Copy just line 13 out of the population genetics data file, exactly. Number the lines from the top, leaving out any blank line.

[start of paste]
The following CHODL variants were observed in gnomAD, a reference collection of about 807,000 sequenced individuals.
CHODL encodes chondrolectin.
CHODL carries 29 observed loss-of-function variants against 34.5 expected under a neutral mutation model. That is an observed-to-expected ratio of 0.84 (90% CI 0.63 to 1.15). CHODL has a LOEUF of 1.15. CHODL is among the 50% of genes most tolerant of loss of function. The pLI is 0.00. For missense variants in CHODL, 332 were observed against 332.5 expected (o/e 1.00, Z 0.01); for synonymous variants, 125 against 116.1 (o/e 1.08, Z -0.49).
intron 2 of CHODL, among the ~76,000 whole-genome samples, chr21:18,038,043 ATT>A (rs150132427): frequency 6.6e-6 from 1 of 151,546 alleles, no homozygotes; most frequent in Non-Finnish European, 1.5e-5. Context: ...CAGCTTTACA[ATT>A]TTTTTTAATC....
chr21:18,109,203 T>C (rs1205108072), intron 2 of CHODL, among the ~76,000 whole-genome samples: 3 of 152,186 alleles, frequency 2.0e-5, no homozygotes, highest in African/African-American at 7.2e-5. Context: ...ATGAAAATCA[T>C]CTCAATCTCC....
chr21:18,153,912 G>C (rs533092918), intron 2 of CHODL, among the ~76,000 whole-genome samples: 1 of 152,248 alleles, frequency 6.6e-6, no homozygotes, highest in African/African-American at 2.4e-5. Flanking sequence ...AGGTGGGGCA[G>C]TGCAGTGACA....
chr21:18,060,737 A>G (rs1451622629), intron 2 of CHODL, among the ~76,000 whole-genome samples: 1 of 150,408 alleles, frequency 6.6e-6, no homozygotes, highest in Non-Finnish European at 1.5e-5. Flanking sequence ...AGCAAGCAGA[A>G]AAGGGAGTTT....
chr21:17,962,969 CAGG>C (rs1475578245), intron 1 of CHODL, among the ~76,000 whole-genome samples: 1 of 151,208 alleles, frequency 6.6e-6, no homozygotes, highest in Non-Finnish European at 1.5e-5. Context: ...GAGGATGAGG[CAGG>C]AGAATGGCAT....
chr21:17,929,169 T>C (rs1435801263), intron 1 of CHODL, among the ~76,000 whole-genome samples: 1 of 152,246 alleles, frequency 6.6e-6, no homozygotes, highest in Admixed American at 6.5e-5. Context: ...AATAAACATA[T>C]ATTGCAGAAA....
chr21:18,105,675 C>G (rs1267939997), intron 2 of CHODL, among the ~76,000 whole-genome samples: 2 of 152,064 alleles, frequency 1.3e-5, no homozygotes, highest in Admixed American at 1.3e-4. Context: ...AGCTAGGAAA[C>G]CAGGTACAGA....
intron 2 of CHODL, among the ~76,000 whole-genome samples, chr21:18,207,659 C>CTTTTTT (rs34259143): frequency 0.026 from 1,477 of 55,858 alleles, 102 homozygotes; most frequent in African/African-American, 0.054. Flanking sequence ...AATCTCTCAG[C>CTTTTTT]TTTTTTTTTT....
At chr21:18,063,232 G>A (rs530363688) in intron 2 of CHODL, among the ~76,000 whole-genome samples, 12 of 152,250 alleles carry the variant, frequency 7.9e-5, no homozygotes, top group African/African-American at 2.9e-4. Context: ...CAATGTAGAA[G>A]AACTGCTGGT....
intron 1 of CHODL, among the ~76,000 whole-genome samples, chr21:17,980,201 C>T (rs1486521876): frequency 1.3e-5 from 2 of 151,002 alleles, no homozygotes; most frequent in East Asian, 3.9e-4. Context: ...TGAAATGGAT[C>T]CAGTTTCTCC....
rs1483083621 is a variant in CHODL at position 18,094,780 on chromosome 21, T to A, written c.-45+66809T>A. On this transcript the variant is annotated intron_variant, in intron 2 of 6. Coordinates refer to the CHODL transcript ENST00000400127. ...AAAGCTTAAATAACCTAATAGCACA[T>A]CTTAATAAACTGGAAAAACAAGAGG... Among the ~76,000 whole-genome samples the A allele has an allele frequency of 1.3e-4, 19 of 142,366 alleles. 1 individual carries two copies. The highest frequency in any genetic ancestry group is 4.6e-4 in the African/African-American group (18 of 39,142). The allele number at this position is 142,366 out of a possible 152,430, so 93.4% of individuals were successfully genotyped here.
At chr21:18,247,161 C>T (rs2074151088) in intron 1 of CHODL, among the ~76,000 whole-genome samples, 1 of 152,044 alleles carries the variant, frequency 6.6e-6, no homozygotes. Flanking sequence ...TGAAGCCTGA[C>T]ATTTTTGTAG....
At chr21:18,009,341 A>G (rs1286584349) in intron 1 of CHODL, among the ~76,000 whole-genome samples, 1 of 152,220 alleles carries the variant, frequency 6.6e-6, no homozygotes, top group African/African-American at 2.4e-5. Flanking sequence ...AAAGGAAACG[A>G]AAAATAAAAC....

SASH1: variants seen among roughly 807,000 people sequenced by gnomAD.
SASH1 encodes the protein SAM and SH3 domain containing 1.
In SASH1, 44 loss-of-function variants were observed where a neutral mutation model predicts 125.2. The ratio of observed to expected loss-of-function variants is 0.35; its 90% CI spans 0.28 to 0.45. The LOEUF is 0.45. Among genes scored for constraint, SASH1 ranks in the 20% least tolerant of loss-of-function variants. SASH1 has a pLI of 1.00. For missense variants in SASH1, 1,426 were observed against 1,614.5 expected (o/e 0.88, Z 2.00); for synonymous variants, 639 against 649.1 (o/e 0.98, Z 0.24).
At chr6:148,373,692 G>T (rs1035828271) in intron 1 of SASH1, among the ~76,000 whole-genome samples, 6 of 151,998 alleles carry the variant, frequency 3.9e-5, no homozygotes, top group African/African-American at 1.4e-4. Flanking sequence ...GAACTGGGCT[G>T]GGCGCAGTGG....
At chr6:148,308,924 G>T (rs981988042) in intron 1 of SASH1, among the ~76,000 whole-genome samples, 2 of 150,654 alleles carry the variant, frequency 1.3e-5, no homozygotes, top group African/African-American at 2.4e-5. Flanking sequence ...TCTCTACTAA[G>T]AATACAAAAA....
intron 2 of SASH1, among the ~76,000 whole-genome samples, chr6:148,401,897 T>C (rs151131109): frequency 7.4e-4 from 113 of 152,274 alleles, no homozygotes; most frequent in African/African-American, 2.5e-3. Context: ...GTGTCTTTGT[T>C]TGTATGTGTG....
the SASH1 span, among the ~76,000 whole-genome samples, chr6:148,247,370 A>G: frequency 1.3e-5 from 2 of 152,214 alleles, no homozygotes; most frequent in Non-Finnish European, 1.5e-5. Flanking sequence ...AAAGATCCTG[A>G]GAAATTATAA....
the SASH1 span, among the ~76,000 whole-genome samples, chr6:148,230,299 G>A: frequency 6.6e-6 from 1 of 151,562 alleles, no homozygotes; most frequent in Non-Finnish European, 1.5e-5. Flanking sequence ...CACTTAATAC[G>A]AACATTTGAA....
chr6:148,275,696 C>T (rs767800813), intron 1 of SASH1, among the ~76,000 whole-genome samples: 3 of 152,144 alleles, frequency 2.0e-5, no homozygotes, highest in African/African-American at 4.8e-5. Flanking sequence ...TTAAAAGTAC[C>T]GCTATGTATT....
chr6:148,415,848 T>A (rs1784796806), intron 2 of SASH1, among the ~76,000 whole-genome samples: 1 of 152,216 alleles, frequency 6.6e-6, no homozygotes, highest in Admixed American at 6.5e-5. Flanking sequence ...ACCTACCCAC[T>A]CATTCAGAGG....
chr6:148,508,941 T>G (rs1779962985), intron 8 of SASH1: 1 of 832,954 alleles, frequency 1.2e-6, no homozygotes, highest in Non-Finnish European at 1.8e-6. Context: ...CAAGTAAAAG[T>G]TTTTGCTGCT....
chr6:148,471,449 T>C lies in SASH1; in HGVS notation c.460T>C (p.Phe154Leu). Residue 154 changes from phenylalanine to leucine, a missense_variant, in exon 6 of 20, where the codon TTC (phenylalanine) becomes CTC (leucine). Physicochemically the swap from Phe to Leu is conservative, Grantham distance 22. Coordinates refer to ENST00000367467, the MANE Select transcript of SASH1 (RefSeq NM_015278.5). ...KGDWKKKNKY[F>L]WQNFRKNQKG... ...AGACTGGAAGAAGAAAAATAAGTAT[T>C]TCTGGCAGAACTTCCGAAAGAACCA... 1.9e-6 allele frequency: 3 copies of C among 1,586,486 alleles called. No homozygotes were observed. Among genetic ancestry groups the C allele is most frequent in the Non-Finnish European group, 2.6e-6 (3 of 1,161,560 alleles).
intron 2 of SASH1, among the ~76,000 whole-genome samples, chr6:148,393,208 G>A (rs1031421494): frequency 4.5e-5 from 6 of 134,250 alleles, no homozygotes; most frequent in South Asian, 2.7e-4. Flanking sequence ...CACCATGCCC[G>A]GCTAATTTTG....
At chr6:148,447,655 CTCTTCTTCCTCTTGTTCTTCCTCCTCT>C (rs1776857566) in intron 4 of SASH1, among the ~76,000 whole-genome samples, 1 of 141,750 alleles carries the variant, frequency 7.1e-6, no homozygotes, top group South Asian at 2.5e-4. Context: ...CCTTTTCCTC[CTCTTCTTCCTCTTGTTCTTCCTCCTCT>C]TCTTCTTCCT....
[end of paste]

intron 1 of CHODL, among the ~76,000 whole-genome samples, chr21:17,980,201 C>T (rs1486521876): frequency 1.3e-5 from 2 of 151,002 alleles, no homozygotes; most frequent in East Asian, 3.9e-4. Context: ...TGAAATGGAT[C>T]CAGTTTCTCC....